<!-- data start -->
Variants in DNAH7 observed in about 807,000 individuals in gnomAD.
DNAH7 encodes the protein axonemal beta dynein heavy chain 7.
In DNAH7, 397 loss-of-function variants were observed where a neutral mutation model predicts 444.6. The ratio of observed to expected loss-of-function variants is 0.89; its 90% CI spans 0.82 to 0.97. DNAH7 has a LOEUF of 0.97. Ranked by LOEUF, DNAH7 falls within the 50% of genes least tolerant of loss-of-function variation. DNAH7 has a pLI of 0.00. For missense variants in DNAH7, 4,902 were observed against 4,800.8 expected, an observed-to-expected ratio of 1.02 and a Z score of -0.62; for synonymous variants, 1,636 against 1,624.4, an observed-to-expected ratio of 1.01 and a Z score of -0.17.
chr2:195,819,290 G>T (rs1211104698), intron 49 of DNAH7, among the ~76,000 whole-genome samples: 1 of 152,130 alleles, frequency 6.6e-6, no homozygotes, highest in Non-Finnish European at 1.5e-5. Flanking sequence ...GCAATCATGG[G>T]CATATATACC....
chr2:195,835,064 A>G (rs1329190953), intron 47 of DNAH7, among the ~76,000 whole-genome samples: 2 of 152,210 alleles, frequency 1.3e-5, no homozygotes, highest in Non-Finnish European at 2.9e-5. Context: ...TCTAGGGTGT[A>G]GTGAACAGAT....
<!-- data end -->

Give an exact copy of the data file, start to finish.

Variants in DNAH7 observed in about 807,000 individuals in gnomAD.
DNAH7 encodes the protein axonemal beta dynein heavy chain 7.
In DNAH7, 397 loss-of-function variants were observed where a neutral mutation model predicts 444.6. The ratio of observed to expected loss-of-function variants is 0.89; its 90% CI spans 0.82 to 0.97. DNAH7 has a LOEUF of 0.97. Ranked by LOEUF, DNAH7 falls within the 50% of genes least tolerant of loss-of-function variation. DNAH7 has a pLI of 0.00. For missense variants in DNAH7, 4,902 were observed against 4,800.8 expected, an observed-to-expected ratio of 1.02 and a Z score of -0.62; for synonymous variants, 1,636 against 1,624.4, an observed-to-expected ratio of 1.01 and a Z score of -0.17.
chr2:195,819,290 G>T (rs1211104698), intron 49 of DNAH7, among the ~76,000 whole-genome samples: 1 of 152,130 alleles, frequency 6.6e-6, no homozygotes, highest in Non-Finnish European at 1.5e-5. Flanking sequence ...GCAATCATGG[G>T]CATATATACC....
chr2:195,835,064 A>G (rs1329190953), intron 47 of DNAH7, among the ~76,000 whole-genome samples: 2 of 152,210 alleles, frequency 1.3e-5, no homozygotes, highest in Non-Finnish European at 2.9e-5. Context: ...TCTAGGGTGT[A>G]GTGAACAGAT....